Dr. O’Flaherty, in his commentary in response to the practice recommendations by Agarwal et al. (1), illustrated two important points that are worth further discussion. Firstly, the author correctly pointed out the low success rate of using in vitro fertilization (IVF) and intracytoplasmic sperm injection (ICSI) in bypassing male factor infertility. The negative impact of sperm DNA fragmentation (SDF) on reproductive outcomes was also highlighted and, more importantly, the safety of using poor quality sperm was questioned. Then, the author discussed the treatment strategies of high SDF and identified the shortcomings of current sperm selection procedures. Secondly, the authors described the underlying mechanisms of defective sperm DNA compaction in cancer patients (2).
The remarkable evolution of assisted reproductive technologies (ART) has tremendously changed the outlook of infertility management. While the workup of female partner remains important and becomes the focus of ongoing researches (3), little has changed in the field of clinical andrology over the past three decades (4). The possibility of bypassing the most severe form of male infertility by ICSI drives an increase in its application (5). However, the live birth rate utilizing ICSI alone in the treatment of male factor infertility is only around 30% (6). A change in the treatment strategy for infertile couples is eagerly needed. Attention to and management of male infertility factors should be one of the major steps in improving reproductive outcomes in this group of patients. Although correlation between SDF testing and natural pregnancy/ART outcomes has been reported, a lack of effective treatment for high SDF represents a common critique of SDF testing. Among the treatment options currently available, ability to improve sperm DNA integrity by varicocele repair has been confirmed in a meta-analysis (7). It represents a targeted treatment strategy via an understanding of the central elements in the pathophysiology of varicocele, i.e., reactive oxygen species and SDF (8). Although a targeted treatment strategy is highly effective and often associated with lower risk and cost, not all etiologies of infertility can be managed with this approach due to various reasons. Sperm selection technique and the use of testicular sperm represent alternatives to reduce high SDF with varying success (9). There is emerging evidence suggesting the efficacy of these approaches in the literature (10). On the other hand, the current techniques are limited by the fact that none of them could completely deselect sperm with DNA damage or aneuploidies and risk of fertilization of oocyte by sperm with high SDF cannot be eliminated (11). Therefore, further studies and refinement is required before widespread use of these techniques in clinical practice. Another concern is that a high SDF test result may only represent the tip of an iceberg. High SDF in a sample reflects poor quality sperm in general. The search of a perfect spermatozoon for ICSI may not be possible, or at least highly ineffective, in such a case when the majority of spermatozoa in the semen sample suffer from defective DNA integrity. Combination with other treatments, including lifestyle modifications and oral antioxidant therapy, may improve the performance of sperm selection and testicular sperm by improving the overall semen quality. Ultimately, better knowledge in the underlying pathophysiology of SDF will facilitate formulation of an effective targeted treatment for our patients. This will, in turn, achieve the ultimate goal in managing an infertile couple—the restoration of natural fertility potential.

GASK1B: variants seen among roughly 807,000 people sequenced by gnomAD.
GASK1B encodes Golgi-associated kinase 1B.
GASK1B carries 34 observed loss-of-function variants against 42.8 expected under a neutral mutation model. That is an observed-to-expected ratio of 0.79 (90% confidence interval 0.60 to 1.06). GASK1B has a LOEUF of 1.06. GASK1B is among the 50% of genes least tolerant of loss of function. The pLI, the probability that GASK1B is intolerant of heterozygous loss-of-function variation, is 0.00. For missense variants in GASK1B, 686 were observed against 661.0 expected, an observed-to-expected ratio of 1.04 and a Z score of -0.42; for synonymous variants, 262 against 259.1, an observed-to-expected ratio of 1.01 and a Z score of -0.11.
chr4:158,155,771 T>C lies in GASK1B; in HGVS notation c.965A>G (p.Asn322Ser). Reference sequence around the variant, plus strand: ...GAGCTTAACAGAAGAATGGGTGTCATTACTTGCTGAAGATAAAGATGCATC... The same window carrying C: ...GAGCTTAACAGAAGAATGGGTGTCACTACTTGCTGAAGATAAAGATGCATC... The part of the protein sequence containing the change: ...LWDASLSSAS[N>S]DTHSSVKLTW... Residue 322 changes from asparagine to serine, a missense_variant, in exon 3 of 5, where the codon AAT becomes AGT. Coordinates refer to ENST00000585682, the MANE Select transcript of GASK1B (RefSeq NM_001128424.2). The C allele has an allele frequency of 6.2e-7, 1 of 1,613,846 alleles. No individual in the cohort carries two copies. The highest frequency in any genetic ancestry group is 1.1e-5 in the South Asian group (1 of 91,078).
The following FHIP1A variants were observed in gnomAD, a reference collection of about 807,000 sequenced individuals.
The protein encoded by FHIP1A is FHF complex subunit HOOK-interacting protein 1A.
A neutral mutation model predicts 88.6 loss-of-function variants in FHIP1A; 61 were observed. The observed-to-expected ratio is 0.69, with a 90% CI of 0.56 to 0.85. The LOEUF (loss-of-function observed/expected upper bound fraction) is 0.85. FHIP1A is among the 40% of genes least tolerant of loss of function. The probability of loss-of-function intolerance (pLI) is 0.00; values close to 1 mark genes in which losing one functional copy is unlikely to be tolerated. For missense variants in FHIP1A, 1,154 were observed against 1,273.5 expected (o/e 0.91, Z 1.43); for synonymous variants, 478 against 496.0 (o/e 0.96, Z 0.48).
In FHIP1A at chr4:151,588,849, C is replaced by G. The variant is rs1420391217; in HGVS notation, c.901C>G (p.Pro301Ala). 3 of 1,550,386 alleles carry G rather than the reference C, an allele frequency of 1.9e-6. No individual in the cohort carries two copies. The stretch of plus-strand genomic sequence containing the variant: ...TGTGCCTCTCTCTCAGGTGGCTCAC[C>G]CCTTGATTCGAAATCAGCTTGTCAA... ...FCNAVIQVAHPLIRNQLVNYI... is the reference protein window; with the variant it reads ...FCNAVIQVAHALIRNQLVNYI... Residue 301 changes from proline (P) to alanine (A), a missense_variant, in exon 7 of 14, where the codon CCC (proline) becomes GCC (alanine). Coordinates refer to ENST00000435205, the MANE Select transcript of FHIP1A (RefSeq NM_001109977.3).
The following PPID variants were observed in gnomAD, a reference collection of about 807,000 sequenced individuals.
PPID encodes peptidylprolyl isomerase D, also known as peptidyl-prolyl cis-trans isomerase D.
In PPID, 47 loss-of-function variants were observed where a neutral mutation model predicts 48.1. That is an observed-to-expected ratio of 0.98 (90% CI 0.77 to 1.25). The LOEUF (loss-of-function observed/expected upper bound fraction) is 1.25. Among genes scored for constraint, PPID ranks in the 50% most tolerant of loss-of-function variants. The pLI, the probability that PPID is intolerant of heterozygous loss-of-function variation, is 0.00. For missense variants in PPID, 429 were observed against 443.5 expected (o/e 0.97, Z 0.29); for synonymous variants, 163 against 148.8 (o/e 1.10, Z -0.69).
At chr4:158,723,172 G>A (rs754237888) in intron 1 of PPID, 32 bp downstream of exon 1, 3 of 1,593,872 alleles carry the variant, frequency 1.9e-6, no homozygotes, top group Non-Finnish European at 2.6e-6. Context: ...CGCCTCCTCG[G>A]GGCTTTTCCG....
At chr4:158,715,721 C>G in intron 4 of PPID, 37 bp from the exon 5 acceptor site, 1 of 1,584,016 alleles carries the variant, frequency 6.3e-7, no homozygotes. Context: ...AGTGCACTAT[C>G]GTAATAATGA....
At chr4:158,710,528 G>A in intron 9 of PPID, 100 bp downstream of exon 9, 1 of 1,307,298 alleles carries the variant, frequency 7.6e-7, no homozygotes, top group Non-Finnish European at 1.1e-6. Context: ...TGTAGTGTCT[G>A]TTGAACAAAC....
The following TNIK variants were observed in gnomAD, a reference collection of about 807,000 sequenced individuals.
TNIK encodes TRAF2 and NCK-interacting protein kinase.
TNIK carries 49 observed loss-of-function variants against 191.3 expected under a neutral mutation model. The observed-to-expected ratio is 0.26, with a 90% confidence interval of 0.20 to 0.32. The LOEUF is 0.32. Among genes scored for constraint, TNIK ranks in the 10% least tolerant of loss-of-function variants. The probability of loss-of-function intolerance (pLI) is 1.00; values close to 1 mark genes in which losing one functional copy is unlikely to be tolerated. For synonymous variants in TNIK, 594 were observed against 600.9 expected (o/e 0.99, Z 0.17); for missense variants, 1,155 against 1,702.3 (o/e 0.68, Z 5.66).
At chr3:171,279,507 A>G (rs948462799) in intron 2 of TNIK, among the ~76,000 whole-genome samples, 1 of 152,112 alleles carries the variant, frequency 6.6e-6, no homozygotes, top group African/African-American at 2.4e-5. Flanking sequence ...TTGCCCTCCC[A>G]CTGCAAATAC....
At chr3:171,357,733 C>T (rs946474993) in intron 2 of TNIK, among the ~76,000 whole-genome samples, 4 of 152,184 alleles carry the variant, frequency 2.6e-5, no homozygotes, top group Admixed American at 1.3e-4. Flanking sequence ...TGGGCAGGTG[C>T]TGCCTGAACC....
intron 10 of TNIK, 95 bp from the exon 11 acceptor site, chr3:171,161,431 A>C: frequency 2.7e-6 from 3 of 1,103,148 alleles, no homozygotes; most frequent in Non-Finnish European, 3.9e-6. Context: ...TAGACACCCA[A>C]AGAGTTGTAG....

The author also enlightened us on the fertility issue of young cancer survivors in their reproductive age. It is observed that testicular cancer and Hodgkin’s lymphoma patients had higher SDF both related to the malignancy and chemotherapy (12,13). It is also noted that different SDF tests may have different performance in detecting SDF in this group of patients. Other laboratory tests, e.g., monobromobimane and chromomycin assays, in assessing DNA compaction may have a role in the evaluation (12). Although the observation in a specific group of young cancer patients may not be generalized to all infertile men, it provides researchers with another facet in studying the nature of SDF and understanding SDF testing methods. The use of SDF in young cancer patients in planning sperm cryopreservation and fertility preservation, indeed, is an important clinical utility of SDF testing. In addition, SDF testing may have a role in counselling post-chemotherapy and irradiated patients on timing to attempt natural conception.
Conflicts of Interest: The authors have no conflicts of interest to declare.
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- O’Flaherty C. The quest of finding the perfect spermatozoon. Transl Androl Urol 2017;6:S491-S492.
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